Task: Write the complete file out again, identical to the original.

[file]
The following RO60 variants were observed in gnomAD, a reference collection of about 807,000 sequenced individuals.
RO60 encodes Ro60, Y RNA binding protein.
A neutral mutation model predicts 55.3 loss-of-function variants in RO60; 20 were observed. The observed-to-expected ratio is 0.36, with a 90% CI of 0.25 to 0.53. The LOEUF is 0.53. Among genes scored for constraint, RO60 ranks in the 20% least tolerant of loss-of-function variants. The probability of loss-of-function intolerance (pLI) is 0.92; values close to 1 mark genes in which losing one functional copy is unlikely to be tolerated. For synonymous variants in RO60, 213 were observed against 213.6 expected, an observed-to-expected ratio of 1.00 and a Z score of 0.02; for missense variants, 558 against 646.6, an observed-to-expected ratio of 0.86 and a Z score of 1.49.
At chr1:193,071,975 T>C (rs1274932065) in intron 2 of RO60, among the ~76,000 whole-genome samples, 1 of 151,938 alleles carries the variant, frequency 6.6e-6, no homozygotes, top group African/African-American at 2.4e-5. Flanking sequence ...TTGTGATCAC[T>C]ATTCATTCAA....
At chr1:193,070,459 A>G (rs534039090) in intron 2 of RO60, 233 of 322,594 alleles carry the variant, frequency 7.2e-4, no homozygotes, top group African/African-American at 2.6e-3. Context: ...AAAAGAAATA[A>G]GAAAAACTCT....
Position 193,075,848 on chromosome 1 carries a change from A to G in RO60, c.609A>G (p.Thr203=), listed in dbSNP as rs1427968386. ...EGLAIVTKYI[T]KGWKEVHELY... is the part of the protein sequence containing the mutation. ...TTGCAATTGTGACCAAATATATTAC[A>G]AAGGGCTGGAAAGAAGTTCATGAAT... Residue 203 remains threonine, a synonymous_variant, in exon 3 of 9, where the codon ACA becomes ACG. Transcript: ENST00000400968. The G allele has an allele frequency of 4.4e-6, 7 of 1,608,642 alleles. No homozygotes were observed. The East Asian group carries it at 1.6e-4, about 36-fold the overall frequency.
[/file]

The following RO60 variants were observed in gnomAD, a reference collection of about 807,000 sequenced individuals.
RO60 encodes Ro60, Y RNA binding protein.
A neutral mutation model predicts 55.3 loss-of-function variants in RO60; 20 were observed. The observed-to-expected ratio is 0.36, with a 90% CI of 0.25 to 0.53. The LOEUF is 0.53. Among genes scored for constraint, RO60 ranks in the 20% least tolerant of loss-of-function variants. The probability of loss-of-function intolerance (pLI) is 0.92; values close to 1 mark genes in which losing one functional copy is unlikely to be tolerated. For synonymous variants in RO60, 213 were observed against 213.6 expected, an observed-to-expected ratio of 1.00 and a Z score of 0.02; for missense variants, 558 against 646.6, an observed-to-expected ratio of 0.86 and a Z score of 1.49.
At chr1:193,071,975 T>C (rs1274932065) in intron 2 of RO60, among the ~76,000 whole-genome samples, 1 of 151,938 alleles carries the variant, frequency 6.6e-6, no homozygotes, top group African/African-American at 2.4e-5. Flanking sequence ...TTGTGATCAC[T>C]ATTCATTCAA....
At chr1:193,070,459 A>G (rs534039090) in intron 2 of RO60, 233 of 322,594 alleles carry the variant, frequency 7.2e-4, no homozygotes, top group African/African-American at 2.6e-3. Context: ...AAAAGAAATA[A>G]GAAAAACTCT....
Position 193,075,848 on chromosome 1 carries a change from A to G in RO60, c.609A>G (p.Thr203=), listed in dbSNP as rs1427968386. ...EGLAIVTKYI[T]KGWKEVHELY... is the part of the protein sequence containing the mutation. ...TTGCAATTGTGACCAAATATATTAC[A>G]AAGGGCTGGAAAGAAGTTCATGAAT... Residue 203 remains threonine, a synonymous_variant, in exon 3 of 9, where the codon ACA becomes ACG. Transcript: ENST00000400968. The G allele has an allele frequency of 4.4e-6, 7 of 1,608,642 alleles. No homozygotes were observed. The East Asian group carries it at 1.6e-4, about 36-fold the overall frequency.